Supreme Court Bond Ruling: Bad News for ObamaCare?


By Hadley Heath

Infidelity, chemical burns, federalism... ObamaCare...

What do these things have to do with each other?  Not a lot, you might think.  But have you read David Rivkin and Lee Casey's take on the Supreme Court's ruling in Bond v. United States?

From today's Wall Street Journal:

The Supreme Court's most important ruling this year may have been its unanimous decision in Bond v. United States, which held that individual citizens can challenge federal statutes when they encroach on authority the Constitution reserves to the states. The decision, authored by Justice Anthony Kennedy, has far-reaching implications—especially for the government's efforts to defend ObamaCare.

The facts of the case were curious, to say the least. Defendant Carol Bond, having discovered that her close friend was pregnant by her husband, sprinkled caustic substances on a mailbox, car-door handle and door knobs. The substances worked: The hated paramour suffered minor burns.

Intriguing story, right?  Well clearly Mrs. Bond broke the law by burning her pregnant "friend," but which law?  There are multiple federal laws that criminalize what she did, but she was prosecuted specifically under a federal statute meant to implement the "Chemical Weapons Convention."  So she (and her lawyers) turned around and questioned whether this law could be used to prosecute someone, even when there was no specific federal interest and no effect on interstate commerce.  The federal government can't just make any law it wants to; it may take specific actions in accordance with its enumerated powers in the Constitution.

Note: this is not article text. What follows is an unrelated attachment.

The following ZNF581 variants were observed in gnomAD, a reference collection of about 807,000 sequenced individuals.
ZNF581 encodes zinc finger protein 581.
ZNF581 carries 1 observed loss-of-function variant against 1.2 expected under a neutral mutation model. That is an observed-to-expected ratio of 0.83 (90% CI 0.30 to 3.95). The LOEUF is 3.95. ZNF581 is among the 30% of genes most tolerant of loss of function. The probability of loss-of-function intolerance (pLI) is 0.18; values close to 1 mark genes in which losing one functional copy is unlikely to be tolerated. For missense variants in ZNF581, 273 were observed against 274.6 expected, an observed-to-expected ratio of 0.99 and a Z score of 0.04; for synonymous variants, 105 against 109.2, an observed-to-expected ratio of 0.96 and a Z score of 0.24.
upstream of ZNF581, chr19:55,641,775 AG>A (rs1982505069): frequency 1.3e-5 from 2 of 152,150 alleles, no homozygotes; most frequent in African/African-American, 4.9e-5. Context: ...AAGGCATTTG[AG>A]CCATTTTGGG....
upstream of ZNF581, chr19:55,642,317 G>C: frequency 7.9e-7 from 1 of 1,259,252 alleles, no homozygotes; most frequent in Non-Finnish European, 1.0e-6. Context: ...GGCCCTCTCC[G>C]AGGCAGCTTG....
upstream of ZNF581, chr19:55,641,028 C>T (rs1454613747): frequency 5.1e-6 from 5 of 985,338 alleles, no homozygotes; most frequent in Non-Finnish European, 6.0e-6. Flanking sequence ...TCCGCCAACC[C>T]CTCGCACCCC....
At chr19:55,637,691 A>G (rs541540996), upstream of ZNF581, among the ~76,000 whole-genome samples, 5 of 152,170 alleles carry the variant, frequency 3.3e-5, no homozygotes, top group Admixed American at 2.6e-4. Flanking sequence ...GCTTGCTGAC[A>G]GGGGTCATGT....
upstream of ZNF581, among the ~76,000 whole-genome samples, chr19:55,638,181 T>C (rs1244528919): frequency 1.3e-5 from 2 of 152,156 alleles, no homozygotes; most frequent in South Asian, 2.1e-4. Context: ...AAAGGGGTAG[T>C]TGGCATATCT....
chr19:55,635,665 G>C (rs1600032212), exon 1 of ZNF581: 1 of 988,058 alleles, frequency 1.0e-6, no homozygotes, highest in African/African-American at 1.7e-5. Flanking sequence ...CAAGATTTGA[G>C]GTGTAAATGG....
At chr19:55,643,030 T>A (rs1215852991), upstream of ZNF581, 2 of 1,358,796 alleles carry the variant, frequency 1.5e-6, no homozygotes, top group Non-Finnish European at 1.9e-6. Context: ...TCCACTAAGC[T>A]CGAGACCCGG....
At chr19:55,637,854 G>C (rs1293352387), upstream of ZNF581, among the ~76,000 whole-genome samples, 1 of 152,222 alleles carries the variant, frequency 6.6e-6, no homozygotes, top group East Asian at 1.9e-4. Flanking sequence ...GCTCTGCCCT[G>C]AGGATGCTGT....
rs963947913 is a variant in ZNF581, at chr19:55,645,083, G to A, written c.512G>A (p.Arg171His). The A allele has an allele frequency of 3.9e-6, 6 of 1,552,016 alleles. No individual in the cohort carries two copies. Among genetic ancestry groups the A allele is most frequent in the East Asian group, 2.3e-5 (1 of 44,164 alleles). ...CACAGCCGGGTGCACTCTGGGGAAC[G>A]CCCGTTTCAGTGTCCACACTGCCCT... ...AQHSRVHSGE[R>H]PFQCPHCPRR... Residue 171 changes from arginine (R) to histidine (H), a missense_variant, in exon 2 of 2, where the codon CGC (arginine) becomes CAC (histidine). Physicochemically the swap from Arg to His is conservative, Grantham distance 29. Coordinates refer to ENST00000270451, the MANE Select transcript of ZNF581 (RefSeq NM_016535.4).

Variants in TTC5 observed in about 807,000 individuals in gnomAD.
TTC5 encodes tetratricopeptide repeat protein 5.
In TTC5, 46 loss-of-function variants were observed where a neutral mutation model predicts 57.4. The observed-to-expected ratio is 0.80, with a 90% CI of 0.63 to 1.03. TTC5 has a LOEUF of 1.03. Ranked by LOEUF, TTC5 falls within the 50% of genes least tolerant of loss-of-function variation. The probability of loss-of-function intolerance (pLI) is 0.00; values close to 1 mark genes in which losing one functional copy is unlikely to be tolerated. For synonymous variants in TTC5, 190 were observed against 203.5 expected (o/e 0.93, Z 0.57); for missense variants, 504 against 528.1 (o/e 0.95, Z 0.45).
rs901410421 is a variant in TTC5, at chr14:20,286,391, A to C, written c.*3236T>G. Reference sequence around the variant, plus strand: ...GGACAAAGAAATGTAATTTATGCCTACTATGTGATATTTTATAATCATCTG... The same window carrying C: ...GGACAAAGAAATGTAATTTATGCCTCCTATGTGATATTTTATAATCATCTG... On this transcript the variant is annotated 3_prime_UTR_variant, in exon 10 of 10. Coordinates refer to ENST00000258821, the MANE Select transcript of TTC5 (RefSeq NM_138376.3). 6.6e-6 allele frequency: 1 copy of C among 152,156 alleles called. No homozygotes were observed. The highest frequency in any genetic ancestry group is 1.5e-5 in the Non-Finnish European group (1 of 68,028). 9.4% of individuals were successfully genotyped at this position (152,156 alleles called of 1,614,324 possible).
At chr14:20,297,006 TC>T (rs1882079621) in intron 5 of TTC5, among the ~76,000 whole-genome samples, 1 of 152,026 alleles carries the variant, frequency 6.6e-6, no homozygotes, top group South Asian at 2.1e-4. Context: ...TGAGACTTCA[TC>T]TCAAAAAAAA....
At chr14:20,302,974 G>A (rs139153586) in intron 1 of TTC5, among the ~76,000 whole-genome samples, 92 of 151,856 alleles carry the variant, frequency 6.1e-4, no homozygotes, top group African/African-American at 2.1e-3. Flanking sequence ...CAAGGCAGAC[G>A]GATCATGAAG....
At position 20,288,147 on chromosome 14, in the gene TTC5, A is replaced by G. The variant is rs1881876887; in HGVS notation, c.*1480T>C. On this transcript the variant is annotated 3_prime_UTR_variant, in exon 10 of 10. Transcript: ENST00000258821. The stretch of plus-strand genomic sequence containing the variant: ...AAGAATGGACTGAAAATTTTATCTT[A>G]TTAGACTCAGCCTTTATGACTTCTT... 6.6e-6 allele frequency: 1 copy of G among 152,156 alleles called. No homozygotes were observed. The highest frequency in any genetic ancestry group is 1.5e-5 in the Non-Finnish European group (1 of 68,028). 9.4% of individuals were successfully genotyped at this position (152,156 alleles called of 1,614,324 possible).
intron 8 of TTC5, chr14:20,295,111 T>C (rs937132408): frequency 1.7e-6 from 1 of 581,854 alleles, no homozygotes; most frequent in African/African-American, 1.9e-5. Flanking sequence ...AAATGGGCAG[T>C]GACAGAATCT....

Mrs. Bond lost out in Appeals Court, when judges ruled that the state of Pennsylvania would have to be a party to a suit that challenged a law on federalism grounds.  But, Rivkin and Casey continue:

The Supreme Court disagreed. With an unusual unanimity, the court held squarely that individual citizens have every right to challenge federal laws on the ground that they exceed the limited and enumerated powers vested in Congress by the Constitution. The court stated without equivocation that "[b]y denying any one government complete jurisdiction over all the concerns of public life, federalism protects the liberty of the individual from arbitrary power. When the government acts in excess of its lawful powers, that liberty is at stake."

"Fidelity to principles of federalism," Justice Kennedy further noted, "is not for the States alone to vindicate."

For Supreme Court watchers, Bond is a profound reaffirmation of the centrality of the state-federal "dual sovereignty" system. That's why the decision is bad news for those who defend ObamaCare—the most extravagant challenge to that dual system in our history.

In enacting the ObamaCare law, Congress seized for itself the very type of power—the ability to regulate individual conduct regardless of any significant connection to interstate commerce or another legitimate federal regulatory interest—that the Constitution reserves solely to the states. In defending the law in court, the Obama administration has persistently sought to narrow the Constitution's federalism principles and to trivialize the Supreme Court's recent decisions supporting those principles.  

Read the rest of their analysis here.


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